What can a model expect when shooting a commercial?

When you’re a model with Models Direct, you can expect to launch yourself into many different types of jobs. Variety certainly spices things up in all aspects of life, and this is just one of the reasons why our models enjoy their assignments.

One type of job that regularly crops up is posing / acting in commercials. In the UK, the word “commercial” in this context usually implies an advert that is broadcast on TV or radio – in more recent times, such media outlets can be extended to platforms like YouTube, Facebook, Google and Instagram…most free social media sites depend on commercials, even if the users rarely see them. They’re free to users for a reason, and that reason is that commercials pay “top dollars”’ for the privilege of being noticed.

Indeed, “commercial” means anything related to buying or selling – the aim being to make a profit. The more consumers that see a product through commercials, the more likely the consumer will buy the product. At the very least, the commercial will have made the product known to the viewer, which is half the battle. The concept is simple, but highly effective.  

It’d help to explain to our talented and lucky models the basics involved with shooting a commercial. After all, research is crucial prior to most jobs. Not all clients will follow the same protocol, as they may have their own ways which work best for them. However, the following is a typical example of what you can expect as a model whilst shooting a commercial:

Prior to the shoot:

1. We’ll provide the details, including contacts and directions (although it’s good practice to double check everything!)

2. Spend a few minutes researching the client (its history, key people, their products etc).

On the day:

1. Once you’ve arrived, you’ll probably sign in, or at the very least introduce yourself to the first contact (in a friendly, confident manner, of course!)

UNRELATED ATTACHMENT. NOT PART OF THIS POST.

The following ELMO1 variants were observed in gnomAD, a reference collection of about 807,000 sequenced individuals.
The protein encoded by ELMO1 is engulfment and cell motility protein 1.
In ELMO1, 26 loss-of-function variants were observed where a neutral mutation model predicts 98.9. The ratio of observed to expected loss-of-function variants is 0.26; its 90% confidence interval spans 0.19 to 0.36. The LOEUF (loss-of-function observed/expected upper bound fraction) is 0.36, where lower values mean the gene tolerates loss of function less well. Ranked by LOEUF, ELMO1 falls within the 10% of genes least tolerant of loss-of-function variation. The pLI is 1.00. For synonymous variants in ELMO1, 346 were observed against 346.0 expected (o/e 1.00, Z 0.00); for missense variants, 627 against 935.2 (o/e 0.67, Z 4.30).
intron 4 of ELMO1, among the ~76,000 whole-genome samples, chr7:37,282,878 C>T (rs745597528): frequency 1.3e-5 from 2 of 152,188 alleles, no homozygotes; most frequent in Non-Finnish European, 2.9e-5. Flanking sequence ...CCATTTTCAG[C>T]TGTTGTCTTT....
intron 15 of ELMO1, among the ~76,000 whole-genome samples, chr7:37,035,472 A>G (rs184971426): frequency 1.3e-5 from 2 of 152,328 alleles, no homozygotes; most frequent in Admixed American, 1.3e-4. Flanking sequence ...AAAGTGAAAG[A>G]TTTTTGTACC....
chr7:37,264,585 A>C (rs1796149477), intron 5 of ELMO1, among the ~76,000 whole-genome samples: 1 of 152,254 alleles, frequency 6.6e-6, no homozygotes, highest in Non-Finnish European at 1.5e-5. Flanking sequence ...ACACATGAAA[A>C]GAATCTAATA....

2. Right – let’s get to the specifics. You might be filming with other models. Some of them could be new to modelling; others could be experienced. They’ll all likely be ultra-friendly, smart and eager to help in any way they can. Models often form firm friendships with others – another bonus of modelling!

3. A member of the film crew will probably go through some introductions to put everyone at ease. They may also explain safety procedures (location of fire exits, exit points and if they differ for wheelchair users etc).

4. Most film crews will distribute call sheets to all workers involved on set. Historically, assistant directors arrange call sheets, but they could be drafted by anyone with the director’s permission. A call sheet is a term often used in the filming industry to tell the individuals concerned where and when they are required, and thus report accordingly. In short, a call sheet is a rota or agenda to help the day run smoothly. An example of an entry on a call sheet could be: “ALEX [model] as DANIEL [character] – Line up 08.30 – Ready 09.15 – Location: Studio C”.

It might sound very “Hollywood” – and you may not even need a call sheet – but models shouldn’t worry too much about them. They are written to help everyone, and all crew members should help out cast members if they have any questions. Call sheets could also have helpful information such as the crew’s phone numbers and contact details of the nearest hospital (fingers crossed you won’t need them).